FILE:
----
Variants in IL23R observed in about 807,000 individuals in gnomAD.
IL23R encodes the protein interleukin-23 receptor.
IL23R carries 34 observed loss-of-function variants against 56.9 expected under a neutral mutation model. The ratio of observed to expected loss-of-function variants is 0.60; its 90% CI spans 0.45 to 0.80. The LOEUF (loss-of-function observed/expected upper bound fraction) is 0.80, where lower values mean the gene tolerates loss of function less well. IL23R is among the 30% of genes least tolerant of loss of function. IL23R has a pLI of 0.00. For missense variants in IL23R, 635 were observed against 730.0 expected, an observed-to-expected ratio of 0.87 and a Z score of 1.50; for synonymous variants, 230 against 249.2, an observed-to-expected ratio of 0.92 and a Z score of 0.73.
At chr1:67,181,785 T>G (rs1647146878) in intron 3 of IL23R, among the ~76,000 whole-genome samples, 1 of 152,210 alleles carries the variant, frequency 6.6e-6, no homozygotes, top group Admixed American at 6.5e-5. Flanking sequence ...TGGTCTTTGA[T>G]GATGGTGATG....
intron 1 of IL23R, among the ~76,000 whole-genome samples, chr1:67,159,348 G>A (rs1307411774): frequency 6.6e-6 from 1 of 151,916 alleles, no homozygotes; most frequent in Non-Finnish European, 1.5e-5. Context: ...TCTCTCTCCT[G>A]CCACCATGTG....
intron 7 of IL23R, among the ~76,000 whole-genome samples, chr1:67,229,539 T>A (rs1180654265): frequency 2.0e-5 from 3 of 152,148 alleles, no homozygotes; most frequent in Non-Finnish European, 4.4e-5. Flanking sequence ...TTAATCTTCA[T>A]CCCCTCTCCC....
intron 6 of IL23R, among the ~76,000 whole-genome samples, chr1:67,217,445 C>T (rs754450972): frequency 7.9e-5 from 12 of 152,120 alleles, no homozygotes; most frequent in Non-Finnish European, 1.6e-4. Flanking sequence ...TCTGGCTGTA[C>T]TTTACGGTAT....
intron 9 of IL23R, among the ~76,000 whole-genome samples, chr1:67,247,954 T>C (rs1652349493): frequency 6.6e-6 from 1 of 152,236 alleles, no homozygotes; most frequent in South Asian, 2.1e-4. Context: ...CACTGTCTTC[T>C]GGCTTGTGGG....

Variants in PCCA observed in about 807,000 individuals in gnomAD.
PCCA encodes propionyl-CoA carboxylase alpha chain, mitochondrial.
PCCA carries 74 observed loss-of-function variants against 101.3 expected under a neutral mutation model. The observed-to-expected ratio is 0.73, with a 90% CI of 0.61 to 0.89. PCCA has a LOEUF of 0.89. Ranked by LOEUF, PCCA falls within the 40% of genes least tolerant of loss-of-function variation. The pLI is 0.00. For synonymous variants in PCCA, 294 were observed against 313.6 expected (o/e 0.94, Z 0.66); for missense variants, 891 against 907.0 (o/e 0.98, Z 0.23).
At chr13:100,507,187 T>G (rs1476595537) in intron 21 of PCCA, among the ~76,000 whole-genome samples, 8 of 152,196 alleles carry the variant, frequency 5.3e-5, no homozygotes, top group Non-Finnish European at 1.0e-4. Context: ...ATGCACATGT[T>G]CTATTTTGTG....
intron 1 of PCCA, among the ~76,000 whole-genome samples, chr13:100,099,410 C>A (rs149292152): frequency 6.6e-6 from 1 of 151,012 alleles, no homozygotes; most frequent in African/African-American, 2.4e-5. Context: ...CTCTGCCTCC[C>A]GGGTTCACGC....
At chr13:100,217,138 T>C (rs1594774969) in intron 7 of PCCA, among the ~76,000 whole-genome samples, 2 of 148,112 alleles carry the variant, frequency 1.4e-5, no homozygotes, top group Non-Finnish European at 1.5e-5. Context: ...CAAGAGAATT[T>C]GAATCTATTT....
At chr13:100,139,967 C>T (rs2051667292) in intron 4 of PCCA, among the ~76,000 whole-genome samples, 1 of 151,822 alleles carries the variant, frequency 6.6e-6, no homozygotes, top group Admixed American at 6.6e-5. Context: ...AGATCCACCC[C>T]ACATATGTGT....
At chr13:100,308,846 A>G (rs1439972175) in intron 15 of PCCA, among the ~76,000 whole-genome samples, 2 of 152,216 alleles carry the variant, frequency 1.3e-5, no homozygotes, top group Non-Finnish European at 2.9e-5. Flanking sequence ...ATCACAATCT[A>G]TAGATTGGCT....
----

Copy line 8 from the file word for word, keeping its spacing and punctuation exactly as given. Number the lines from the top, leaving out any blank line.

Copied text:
intron 9 of IL23R, among the ~76,000 whole-genome samples, chr1:67,247,954 T>C (rs1652349493): frequency 6.6e-6 from 1 of 152,236 alleles, no homozygotes; most frequent in South Asian, 2.1e-4. Context: ...CACTGTCTTC[T>C]GGCTTGTGGG....